7

The bouba/kiki effect is the phenomenon that about 95% of subjects assign the name bouba to a blobby form, and the name kiki to a pointy shape (Fig. 1). Fig. 1. Kiki and bouba, at least in 95% of the people. source: Synesthesia Test It is thought that the reason behind the strong preference is that the sharp changes in visual direction of the lines in the ...


7

Short Answer It appears that stimulation of the thalamus would invoke feeling of pain: Direct deep brain stimulation (DBS) in the VP thalamus from patients without pain typically evoked nonpainful, paraesthetic sensation. DBS at the core and posterior inferior region of the VP thalamus can evoke pain sensation without specific topographic distribution. ...


7

There is a lot going on in your question. QUEST, as well as many other adaptive procedures, is well suited for a task like estimating morph distance in a 2-AFC paradigm. There are, however, a couple of points in your question, that make me think QUEST is not a good paradigm. The QUEST paradigm is designed around setting the signal level to find the the "...


7

Some of those pop science articles might be simplifying a bit by saying the stimuli are provided to the left or right eyes. In fact, they are actually presented to the left or right visual field which is an important distinction. The left visual field, from both eyes, goes to the right hemisphere, and vice versa. The experimental paradigm is illustrated in ...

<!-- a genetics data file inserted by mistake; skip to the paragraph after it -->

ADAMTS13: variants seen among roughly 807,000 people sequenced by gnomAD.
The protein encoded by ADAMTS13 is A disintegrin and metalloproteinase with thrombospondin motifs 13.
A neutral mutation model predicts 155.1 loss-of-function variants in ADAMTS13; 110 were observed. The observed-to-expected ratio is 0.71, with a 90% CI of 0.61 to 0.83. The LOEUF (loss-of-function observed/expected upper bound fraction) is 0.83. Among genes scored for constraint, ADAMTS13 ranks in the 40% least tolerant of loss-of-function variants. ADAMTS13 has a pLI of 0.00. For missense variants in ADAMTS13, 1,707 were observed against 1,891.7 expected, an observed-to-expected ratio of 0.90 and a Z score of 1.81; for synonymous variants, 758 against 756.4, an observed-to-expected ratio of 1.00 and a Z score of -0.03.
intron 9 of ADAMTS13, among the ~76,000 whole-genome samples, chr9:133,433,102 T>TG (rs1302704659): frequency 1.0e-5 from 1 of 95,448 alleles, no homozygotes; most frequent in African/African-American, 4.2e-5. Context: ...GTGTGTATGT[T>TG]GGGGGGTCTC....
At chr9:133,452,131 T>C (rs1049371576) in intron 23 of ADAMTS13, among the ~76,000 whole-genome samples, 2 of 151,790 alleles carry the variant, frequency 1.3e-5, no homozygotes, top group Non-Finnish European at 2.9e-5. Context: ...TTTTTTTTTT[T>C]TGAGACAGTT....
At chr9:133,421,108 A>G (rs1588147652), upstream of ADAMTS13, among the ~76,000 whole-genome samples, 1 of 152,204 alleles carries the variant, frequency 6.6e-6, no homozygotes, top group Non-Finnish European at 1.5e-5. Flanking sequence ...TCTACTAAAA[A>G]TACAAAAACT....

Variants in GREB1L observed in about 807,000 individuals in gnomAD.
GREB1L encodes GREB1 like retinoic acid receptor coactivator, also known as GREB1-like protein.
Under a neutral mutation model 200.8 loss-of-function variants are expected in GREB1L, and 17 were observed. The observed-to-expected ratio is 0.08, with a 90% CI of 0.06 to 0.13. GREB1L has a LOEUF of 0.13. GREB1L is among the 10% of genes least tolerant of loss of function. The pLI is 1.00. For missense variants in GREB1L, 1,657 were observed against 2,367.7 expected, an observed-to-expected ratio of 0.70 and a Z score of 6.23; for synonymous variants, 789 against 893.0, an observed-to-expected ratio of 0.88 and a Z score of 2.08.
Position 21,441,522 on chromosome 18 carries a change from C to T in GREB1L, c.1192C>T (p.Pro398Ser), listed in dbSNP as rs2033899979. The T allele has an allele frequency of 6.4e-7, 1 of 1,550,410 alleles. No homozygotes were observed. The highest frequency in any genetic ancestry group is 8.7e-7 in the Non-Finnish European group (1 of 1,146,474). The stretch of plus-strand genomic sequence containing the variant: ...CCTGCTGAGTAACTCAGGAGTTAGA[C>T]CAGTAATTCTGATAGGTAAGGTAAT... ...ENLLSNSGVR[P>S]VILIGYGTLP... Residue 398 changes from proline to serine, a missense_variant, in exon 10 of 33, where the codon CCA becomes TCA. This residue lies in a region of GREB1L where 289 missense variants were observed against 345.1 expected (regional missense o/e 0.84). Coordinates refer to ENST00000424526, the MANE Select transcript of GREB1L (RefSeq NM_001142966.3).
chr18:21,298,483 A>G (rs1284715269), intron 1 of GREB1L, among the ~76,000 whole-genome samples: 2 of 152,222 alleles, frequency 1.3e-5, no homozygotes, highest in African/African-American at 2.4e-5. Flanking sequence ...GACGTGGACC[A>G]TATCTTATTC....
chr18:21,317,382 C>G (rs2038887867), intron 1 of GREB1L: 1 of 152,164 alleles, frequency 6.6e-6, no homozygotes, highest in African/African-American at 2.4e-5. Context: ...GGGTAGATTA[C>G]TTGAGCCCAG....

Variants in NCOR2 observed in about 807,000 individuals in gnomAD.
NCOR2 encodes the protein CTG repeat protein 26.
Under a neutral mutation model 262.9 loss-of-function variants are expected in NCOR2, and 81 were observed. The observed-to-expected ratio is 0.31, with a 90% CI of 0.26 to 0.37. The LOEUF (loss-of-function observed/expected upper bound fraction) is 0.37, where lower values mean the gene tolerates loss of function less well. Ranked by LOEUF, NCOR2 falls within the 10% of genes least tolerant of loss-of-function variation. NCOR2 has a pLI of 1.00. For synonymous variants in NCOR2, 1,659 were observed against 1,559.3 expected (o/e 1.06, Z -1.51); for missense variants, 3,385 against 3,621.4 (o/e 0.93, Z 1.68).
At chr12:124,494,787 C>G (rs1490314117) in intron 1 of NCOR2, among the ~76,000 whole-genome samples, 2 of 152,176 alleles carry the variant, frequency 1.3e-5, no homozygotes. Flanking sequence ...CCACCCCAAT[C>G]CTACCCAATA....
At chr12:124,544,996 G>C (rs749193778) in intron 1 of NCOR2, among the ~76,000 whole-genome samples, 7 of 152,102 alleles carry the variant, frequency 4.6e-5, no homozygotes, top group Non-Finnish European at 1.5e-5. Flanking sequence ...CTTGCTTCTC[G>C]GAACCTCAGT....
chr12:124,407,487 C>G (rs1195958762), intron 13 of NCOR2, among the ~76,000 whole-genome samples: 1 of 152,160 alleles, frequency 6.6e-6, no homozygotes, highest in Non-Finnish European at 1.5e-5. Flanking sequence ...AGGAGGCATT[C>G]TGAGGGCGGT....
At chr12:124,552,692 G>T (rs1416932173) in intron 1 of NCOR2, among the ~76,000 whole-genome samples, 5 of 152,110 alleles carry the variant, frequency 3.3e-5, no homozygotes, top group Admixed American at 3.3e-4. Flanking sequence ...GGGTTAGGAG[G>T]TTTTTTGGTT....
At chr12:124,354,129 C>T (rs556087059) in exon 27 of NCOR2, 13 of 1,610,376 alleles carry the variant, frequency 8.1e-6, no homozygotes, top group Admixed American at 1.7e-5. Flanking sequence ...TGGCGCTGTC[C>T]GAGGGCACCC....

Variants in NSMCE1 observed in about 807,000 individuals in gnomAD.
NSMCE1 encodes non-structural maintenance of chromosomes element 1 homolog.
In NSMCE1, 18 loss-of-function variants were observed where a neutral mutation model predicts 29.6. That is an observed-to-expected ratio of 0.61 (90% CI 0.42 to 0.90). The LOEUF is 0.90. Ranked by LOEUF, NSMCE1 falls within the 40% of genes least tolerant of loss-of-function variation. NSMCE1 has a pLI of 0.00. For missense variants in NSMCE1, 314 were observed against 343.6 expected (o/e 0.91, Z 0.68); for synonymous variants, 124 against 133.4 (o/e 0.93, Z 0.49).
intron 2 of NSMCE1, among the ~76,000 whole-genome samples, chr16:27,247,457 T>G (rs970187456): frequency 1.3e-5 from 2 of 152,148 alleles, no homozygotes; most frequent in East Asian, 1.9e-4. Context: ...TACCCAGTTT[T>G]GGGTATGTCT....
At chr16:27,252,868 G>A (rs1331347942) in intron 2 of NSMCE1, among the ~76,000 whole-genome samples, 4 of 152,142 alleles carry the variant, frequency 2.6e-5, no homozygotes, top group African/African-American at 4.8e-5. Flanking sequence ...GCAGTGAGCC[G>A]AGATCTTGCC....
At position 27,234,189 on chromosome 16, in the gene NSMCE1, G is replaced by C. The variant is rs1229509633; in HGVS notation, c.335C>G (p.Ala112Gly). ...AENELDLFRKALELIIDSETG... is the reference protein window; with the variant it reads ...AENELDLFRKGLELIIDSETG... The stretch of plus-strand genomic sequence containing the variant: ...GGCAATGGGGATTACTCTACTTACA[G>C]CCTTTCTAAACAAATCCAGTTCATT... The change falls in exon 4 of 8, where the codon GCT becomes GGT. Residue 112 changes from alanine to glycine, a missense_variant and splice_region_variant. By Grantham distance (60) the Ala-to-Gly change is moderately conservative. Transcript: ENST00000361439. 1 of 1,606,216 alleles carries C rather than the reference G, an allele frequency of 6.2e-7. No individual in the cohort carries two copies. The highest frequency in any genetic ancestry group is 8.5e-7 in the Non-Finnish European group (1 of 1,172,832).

6

From personal observation, the consensus seems to be that the two streams hypothesis is an oversimplification of the truth, albeit a useful one. The primary reason that this hypothesis is seen as an oversimplification is because there is a lot of cross-talk between the two streams. For example, Zanon et al. (2010) provides evidence for functional ...


6

It has been theorized that it has to do with "visualizing" dreams, but the movements themselves are by virtue of the pattern of electrical activity as the waves travel between the Pons (in the brainstem), Geniculate nuclei (in the thalamus), and Occipital lobe. From PGO Waves PGO waves and REM sleep PGO waves are an integral part of rapid eye ...


6

From Stevens & Galanter (1957) Although an extensive investigation of the subjective scale of brightness is still in progress in this laboratory, enough has been learned to show that, for patches of white light viewed in a dark room, subjective brightness is a power function of luminance. Moreover, the exponent is of the order of one-third ...